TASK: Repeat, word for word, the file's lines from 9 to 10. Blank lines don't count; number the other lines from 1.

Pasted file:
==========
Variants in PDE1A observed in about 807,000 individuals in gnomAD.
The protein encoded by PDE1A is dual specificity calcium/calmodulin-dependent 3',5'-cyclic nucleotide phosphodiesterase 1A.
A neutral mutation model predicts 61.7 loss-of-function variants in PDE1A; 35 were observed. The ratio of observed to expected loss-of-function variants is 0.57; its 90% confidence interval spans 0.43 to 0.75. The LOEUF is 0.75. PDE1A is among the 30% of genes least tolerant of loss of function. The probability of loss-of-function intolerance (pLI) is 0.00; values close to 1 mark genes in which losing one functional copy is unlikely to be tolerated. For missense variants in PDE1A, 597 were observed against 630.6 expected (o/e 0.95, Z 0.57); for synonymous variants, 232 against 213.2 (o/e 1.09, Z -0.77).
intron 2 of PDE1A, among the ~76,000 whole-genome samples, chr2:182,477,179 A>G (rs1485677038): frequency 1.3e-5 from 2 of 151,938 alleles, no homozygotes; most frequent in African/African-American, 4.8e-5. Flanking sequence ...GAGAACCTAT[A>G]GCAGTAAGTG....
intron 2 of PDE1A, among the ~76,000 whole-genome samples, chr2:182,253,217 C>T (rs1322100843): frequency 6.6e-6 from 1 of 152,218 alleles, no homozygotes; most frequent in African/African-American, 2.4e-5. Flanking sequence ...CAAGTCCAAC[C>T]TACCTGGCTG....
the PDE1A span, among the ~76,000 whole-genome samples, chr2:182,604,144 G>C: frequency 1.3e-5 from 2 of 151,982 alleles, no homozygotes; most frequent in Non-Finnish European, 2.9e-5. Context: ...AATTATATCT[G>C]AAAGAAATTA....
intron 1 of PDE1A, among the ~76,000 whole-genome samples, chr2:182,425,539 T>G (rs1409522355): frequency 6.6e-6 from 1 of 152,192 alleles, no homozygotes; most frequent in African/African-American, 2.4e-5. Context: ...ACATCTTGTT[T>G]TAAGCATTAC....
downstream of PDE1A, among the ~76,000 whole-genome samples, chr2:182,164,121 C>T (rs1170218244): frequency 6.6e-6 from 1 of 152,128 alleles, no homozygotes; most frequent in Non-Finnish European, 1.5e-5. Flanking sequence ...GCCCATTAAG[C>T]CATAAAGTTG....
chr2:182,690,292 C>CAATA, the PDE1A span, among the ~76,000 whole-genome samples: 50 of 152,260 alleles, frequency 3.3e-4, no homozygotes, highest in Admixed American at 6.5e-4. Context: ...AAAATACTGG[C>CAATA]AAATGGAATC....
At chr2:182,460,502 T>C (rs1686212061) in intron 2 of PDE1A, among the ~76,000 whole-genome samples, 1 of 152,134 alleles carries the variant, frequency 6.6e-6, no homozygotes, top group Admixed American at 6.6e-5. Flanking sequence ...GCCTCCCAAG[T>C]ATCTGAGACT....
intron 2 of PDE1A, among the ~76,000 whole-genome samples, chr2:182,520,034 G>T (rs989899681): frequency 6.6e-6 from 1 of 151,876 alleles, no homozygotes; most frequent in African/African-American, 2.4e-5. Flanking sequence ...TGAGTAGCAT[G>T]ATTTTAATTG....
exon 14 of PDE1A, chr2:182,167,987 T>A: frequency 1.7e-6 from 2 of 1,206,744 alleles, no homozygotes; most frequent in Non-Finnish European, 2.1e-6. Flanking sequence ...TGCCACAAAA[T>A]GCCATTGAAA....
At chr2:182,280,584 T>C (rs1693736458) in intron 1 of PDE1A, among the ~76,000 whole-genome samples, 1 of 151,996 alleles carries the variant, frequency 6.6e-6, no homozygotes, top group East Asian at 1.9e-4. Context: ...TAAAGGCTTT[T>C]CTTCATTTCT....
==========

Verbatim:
chr2:182,690,292 C>CAATA, the PDE1A span, among the ~76,000 whole-genome samples: 50 of 152,260 alleles, frequency 3.3e-4, no homozygotes, highest in Admixed American at 6.5e-4. Context: ...AAAATACTGG[C>CAATA]AAATGGAATC....
At chr2:182,460,502 T>C (rs1686212061) in intron 2 of PDE1A, among the ~76,000 whole-genome samples, 1 of 152,134 alleles carries the variant, frequency 6.6e-6, no homozygotes, top group Admixed American at 6.6e-5. Flanking sequence ...GCCTCCCAAG[T>C]ATCTGAGACT....